Over recent decades research in the history of collecting has often focused on collections of arts and artefacts, even though the mediaeval and early modern kunst- and wunderkammern harboured both artificialia and naturalia from their very inception. In fact, some of the keenest collectors of art and antiquities, such as Cosimo I de’ Medici or the Saxon electors, were also particularly renowned for their interest in the natural sciences, including geography, botany, zoology. Their collections were displayed as part of specially created display schemes that exalted the role of the owner as prince and master of nature while also pre-dating in their particular selection and order more recent systems of classification. Frequently such naturalia were not only displayed side-by-side with painted or sculptural works of art, they were sometimes enhanced by artistic intervention (Handsteine) or exhibited as natural works of sculpture, for example in the form of prepared animals, skeletons, minerals, and metal ore.
Scholars such as Paula Findlen have been able to show how important a role Possessing Nature played in a courtly context and how often such collections of plants, prepared animals, bones, stones, minerals and other marvels of nature formed the foundation of research bodies such as academies and university institutes. What started as a mass of curiosities soon was transformed into an insatiable quest for knowledge that was furthermore fanned by the age of exploration, colonisation, and the exploitation of far-away countries by merchant venturers such as the East India Companies of several Western Nations.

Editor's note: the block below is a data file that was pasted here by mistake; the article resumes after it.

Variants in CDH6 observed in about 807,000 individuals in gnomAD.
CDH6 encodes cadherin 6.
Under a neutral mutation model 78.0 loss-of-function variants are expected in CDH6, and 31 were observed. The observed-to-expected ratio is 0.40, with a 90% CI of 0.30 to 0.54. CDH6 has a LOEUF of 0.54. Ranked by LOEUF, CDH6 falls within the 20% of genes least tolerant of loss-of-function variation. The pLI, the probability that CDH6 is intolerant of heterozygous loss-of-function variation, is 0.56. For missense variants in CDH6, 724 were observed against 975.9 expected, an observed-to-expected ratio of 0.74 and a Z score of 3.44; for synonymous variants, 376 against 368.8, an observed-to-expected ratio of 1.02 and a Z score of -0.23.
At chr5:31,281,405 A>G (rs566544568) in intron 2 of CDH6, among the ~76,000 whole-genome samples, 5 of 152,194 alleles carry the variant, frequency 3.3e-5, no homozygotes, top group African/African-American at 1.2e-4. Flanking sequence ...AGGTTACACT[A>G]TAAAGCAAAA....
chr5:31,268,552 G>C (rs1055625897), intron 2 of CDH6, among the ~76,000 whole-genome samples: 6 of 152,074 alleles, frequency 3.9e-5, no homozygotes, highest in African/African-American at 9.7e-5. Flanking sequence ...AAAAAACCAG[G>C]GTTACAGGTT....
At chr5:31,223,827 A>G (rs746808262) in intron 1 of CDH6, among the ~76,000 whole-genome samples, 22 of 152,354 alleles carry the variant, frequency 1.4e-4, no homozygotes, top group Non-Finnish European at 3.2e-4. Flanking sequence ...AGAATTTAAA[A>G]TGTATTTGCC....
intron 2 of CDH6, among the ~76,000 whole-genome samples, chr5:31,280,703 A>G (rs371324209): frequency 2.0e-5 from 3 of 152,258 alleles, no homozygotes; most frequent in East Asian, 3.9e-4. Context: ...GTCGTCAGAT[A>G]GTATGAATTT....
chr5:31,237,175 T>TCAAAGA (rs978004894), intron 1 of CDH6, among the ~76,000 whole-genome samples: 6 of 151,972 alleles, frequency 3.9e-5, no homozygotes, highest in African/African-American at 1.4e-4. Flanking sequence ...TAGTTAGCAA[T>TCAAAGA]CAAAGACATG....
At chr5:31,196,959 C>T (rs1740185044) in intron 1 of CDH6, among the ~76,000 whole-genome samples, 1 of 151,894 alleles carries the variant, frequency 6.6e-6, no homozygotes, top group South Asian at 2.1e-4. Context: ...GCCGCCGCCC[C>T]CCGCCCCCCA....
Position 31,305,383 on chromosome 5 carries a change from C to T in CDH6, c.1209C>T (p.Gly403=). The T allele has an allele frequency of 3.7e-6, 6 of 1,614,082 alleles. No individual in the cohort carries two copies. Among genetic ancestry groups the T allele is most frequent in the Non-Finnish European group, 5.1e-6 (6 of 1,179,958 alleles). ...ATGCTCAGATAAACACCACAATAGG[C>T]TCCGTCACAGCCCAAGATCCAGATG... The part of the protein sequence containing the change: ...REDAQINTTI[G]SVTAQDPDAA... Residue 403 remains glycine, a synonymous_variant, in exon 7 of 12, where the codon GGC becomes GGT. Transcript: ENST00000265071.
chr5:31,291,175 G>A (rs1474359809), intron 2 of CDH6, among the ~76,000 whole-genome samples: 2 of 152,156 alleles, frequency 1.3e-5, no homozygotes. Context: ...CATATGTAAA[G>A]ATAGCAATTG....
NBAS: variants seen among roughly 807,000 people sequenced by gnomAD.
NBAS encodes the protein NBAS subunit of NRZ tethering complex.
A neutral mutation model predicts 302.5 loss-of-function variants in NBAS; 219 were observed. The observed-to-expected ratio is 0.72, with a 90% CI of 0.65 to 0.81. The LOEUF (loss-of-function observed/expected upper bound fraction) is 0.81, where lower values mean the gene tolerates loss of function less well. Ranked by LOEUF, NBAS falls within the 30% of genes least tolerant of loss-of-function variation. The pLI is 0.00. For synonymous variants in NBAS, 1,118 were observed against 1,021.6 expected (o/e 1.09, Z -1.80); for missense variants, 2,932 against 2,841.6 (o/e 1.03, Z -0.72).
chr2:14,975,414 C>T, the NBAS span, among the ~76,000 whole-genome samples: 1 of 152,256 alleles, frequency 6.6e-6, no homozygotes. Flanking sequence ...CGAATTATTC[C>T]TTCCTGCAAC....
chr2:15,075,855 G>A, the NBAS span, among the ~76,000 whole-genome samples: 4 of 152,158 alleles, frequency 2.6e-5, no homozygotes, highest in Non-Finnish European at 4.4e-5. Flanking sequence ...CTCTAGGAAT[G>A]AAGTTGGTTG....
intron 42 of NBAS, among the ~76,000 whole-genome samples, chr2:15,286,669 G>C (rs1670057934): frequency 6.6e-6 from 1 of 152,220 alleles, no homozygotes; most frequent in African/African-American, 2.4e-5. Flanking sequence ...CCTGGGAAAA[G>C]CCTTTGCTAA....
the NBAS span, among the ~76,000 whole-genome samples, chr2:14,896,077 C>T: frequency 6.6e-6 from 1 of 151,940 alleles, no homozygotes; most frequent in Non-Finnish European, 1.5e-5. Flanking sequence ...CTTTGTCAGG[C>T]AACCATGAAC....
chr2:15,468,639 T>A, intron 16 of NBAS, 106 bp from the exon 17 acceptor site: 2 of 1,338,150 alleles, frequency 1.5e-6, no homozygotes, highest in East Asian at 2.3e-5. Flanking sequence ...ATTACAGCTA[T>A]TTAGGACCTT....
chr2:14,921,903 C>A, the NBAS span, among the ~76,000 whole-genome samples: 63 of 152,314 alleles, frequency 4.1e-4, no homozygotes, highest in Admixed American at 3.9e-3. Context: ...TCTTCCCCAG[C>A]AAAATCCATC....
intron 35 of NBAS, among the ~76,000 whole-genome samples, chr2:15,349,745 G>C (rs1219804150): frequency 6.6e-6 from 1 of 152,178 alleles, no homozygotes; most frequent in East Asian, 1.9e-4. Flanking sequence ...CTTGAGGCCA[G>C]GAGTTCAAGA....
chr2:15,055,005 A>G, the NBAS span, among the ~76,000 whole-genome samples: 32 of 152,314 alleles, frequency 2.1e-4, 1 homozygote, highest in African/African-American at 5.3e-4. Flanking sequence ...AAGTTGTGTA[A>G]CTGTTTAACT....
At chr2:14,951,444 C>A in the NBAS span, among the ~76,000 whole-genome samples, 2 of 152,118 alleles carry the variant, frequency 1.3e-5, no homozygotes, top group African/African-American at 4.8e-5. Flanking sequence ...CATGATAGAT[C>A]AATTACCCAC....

The organisers of this conference invite proposals of scholars of the history of collecting and of the history of science who intend to explore the intersection between the two disciplines while not forgetting about the context of provenance and display. Rather than giving a specific chronological framework we would like the conference papers to focus on the role of scientific collections in both a courtly and monastic context.
The conference will take place from 24 to 28 May 2013 at Kloster Irsee, St Ottilien and Abtei Ottobeuren.
If you have questions or would like to put in a 250 word proposal please contact Dr Andrea Gáldy firstname.lastname@example.org or Dr. Sylvia Heudecker email@example.com by 31 October 2012 Email: firstname.lastname@example.org
Send comments and questions to H-Net
Webstaff. H-Net reproduces announcements that have been submitted to us as a
free service to the academic community. If you are interested in an announcement
listed here, please contact the organizers or patrons directly. Though we strive
to provide accurate information, H-Net cannot accept responsibility for the text of
announcements appearing in this service. (Administration)